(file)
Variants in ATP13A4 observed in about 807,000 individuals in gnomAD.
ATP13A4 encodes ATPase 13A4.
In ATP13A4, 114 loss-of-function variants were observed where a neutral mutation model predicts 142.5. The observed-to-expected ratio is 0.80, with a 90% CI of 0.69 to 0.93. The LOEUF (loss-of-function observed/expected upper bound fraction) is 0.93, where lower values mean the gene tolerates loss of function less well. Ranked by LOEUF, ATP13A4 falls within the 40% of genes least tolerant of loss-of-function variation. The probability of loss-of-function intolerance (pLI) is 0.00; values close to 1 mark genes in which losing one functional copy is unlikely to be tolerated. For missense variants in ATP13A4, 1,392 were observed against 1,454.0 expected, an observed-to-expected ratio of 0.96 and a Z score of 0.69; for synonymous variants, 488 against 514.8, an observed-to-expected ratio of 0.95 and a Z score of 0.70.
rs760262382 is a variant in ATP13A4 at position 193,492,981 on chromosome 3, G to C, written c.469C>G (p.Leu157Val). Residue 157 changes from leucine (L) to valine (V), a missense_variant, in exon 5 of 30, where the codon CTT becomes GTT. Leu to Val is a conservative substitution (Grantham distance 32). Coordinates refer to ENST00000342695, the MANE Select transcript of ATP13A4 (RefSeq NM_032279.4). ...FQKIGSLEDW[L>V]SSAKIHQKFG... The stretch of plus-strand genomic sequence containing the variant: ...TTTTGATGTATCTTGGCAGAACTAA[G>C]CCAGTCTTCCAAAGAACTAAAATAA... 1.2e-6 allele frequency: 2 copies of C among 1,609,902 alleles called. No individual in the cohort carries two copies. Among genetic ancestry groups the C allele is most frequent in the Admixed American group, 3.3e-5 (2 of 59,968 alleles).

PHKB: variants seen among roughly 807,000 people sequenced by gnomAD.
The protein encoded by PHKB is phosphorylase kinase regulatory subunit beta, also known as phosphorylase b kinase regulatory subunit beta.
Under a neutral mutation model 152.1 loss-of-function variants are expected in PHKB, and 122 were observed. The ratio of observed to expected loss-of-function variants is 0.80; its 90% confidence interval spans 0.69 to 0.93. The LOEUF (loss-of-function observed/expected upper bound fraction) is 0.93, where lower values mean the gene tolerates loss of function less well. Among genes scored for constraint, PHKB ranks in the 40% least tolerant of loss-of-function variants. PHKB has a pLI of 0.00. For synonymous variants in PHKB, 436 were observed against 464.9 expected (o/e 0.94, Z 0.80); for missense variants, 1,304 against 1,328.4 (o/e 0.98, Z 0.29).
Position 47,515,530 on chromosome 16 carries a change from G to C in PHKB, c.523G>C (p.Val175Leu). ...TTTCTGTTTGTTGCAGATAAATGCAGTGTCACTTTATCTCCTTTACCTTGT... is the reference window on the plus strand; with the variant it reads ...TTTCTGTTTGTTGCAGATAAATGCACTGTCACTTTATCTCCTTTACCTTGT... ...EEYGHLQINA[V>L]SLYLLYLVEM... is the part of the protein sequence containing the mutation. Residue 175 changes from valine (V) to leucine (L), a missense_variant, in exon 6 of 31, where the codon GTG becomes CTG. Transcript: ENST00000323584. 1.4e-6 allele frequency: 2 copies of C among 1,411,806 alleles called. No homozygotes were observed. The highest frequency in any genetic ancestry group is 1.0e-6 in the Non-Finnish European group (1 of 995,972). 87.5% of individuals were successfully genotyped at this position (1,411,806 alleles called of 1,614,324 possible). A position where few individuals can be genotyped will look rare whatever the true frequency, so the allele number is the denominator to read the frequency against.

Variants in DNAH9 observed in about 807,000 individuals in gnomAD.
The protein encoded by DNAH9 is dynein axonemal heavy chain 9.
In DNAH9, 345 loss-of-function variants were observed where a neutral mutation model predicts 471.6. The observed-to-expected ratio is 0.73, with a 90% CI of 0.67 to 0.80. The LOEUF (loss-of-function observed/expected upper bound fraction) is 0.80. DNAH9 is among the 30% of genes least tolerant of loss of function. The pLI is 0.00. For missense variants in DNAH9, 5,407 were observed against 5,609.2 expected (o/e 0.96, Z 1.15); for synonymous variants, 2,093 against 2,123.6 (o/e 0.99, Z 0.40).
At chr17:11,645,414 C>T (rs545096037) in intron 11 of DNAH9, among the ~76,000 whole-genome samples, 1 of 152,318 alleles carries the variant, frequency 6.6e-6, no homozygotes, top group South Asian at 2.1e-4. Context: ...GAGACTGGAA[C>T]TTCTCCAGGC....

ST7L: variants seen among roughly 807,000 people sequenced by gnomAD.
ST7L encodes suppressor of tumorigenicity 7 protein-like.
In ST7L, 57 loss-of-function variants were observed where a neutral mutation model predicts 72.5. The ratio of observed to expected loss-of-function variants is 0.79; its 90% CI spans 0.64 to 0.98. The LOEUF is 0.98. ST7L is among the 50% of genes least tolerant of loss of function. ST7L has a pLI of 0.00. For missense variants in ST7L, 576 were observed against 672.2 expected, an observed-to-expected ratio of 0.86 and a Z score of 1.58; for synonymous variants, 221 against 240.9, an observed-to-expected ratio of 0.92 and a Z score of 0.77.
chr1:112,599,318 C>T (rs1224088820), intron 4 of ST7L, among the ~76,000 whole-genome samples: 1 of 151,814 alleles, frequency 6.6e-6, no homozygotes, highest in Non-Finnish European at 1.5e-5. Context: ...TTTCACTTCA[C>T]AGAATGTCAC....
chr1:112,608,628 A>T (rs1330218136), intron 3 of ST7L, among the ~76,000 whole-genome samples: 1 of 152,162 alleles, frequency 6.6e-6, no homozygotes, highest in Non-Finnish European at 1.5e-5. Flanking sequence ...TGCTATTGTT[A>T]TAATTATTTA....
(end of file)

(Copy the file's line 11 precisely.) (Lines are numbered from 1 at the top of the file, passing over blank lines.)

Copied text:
In DNAH9, 345 loss-of-function variants were observed where a neutral mutation model predicts 471.6. The observed-to-expected ratio is 0.73, with a 90% CI of 0.67 to 0.80. The LOEUF (loss-of-function observed/expected upper bound fraction) is 0.80. DNAH9 is among the 30% of genes least tolerant of loss of function. The pLI is 0.00. For missense variants in DNAH9, 5,407 were observed against 5,609.2 expected (o/e 0.96, Z 1.15); for synonymous variants, 2,093 against 2,123.6 (o/e 0.99, Z 0.40).